The court dismissed CompuFinder’s appeals, confirmed CASL’s constitutionality, and provided significant guidance on how the legislation is to be interpreted by courts and the CRTC.3

Constitutionality of CASL

The court upheld most of the CRTC’s findings on the issue of CASL’s constitutionality. In particular, it found that: (1) CASL was validly enacted under Parliament’s general trade and commerce power; (2) while the impugned provisions of CASL did violate freedom of expression under section 2(b) of the Canadian Charter of Rights and Freedoms, the violation was justified under section 1; and (3) sections 7 and 11 of the Charter did not apply because proceedings under CASL are administrative in nature, not criminal or penal. The court found that while section 8 of the Charter applied despite CASL’s administrative nature, there had been no violation of CompuFinder’s section 8 rights.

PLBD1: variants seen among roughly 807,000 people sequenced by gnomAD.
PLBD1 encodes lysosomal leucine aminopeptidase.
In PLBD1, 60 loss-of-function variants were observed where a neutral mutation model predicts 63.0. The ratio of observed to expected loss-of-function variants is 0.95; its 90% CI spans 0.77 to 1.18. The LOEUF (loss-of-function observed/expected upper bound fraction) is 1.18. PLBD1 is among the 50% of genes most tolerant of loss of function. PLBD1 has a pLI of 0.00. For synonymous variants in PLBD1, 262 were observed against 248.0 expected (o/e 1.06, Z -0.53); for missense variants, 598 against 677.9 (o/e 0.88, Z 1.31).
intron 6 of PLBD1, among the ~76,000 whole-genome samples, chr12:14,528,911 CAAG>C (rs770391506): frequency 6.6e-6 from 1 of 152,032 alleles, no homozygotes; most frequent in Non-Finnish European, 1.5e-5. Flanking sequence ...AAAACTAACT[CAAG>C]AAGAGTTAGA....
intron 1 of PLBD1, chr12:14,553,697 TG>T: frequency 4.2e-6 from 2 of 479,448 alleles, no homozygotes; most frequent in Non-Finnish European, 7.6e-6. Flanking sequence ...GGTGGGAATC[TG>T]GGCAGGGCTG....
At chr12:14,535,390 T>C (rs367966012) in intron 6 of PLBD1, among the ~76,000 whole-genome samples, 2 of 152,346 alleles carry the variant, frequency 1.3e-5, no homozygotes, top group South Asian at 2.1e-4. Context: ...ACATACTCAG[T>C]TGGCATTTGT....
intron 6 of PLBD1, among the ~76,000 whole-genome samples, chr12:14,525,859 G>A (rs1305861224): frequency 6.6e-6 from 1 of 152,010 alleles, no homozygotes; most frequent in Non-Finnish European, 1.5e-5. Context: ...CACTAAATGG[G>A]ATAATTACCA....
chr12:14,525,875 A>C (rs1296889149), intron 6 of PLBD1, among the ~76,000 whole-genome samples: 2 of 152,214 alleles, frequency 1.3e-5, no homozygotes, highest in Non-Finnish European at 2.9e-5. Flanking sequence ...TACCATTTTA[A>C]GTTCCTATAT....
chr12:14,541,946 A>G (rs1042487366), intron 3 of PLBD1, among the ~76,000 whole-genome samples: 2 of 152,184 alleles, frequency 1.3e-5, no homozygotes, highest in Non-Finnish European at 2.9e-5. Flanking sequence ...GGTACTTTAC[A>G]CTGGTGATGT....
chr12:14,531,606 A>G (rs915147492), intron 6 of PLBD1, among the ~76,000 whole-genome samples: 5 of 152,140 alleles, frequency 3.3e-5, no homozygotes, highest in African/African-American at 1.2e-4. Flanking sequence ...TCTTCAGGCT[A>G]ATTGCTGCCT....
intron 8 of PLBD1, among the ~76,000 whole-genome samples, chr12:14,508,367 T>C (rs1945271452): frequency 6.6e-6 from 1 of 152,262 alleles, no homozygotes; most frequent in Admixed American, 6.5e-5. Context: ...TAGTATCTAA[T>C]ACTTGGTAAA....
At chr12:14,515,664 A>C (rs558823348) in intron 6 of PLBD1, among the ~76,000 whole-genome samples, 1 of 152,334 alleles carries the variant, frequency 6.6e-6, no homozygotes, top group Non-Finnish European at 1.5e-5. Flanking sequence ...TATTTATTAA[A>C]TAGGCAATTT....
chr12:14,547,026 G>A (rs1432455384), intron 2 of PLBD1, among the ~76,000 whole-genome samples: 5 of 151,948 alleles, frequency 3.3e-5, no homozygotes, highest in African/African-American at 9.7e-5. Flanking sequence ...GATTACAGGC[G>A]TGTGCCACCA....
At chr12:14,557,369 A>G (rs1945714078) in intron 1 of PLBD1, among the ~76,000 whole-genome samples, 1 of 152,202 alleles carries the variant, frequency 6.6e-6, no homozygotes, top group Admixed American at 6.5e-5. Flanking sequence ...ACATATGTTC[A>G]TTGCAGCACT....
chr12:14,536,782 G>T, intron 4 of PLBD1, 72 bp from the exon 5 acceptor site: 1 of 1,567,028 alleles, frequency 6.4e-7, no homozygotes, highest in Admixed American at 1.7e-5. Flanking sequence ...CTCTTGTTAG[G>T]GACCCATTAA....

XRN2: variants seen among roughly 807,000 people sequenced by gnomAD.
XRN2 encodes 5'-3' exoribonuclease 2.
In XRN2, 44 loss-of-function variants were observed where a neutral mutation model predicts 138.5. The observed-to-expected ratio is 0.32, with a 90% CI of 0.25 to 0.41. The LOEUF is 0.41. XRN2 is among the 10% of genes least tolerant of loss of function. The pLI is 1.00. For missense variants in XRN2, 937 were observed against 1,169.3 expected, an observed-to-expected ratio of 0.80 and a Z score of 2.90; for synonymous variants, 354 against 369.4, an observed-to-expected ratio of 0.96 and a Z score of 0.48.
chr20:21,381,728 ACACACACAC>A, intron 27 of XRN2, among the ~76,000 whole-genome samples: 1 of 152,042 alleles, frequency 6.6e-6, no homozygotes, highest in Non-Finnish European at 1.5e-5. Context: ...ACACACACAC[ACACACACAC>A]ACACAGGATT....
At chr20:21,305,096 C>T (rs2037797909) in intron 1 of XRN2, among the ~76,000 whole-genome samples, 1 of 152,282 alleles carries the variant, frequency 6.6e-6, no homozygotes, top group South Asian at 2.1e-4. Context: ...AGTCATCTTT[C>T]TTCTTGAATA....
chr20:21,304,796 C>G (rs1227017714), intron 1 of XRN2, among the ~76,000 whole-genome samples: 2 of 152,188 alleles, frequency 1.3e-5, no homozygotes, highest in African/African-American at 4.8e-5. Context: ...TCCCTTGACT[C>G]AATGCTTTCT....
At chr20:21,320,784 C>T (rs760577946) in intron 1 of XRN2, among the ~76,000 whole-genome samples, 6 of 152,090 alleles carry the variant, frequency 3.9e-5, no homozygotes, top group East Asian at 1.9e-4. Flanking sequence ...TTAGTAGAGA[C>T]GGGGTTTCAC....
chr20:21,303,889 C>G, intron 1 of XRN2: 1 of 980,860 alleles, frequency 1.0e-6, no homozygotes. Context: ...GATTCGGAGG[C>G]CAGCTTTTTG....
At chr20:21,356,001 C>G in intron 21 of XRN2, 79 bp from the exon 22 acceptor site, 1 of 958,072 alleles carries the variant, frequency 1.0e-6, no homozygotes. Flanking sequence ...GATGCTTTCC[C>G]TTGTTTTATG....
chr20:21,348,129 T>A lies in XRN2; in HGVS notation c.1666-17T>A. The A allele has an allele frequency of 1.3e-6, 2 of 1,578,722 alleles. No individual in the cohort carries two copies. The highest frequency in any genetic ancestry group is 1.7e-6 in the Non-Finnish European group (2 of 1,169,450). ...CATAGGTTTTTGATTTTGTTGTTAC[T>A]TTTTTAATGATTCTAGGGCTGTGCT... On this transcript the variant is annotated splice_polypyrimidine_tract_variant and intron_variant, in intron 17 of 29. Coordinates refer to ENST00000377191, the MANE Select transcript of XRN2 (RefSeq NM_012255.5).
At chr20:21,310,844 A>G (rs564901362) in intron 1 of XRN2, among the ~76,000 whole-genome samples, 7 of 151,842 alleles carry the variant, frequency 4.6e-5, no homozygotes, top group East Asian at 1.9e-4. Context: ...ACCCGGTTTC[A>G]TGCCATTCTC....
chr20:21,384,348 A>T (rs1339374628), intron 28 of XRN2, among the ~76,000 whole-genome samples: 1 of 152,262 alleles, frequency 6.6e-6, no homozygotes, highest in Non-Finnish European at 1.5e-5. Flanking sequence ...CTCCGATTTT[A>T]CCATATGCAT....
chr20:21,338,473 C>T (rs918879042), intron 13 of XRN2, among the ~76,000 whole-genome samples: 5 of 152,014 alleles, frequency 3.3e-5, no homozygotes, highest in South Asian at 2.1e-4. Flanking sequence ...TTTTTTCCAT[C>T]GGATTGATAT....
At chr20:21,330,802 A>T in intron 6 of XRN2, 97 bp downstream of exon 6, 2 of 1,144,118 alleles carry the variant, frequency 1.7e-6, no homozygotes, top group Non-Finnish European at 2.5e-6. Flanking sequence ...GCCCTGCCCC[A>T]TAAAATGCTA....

Violations of CASL and guidance

“Business-to-business” exemption

CompuFinder argued that having previously conducted business with at least one person from each organization on at least one occasion would create a relationship that would meet the business-to-business relationship exemption and therefore exempt its CEMs from CASL. 

The court rejected CompuFinder’s interpretation of the legislation. The “relationship” required to make out the business-to-business exemption presents a more demanding standard than the “existing business relationship” required for the purposes of paragraph 10(9)(a) of CASL. 

An “existing business relationship,” under paragraph 10(9)(a), permits an organization to send CEMs to a person who had paid the organization for a service in the preceding two years. By comparison, the finding of a “relationship,” for the purpose of the “business-to-business” exemption, allows an organization to send CEMs to every employee in a recipient company, and not just the specific employees who had interacted with the organization. Setting a more demanding standard for the business-to business exemption is consistent with the relative effects of each finding, in light of CASL’s objectives.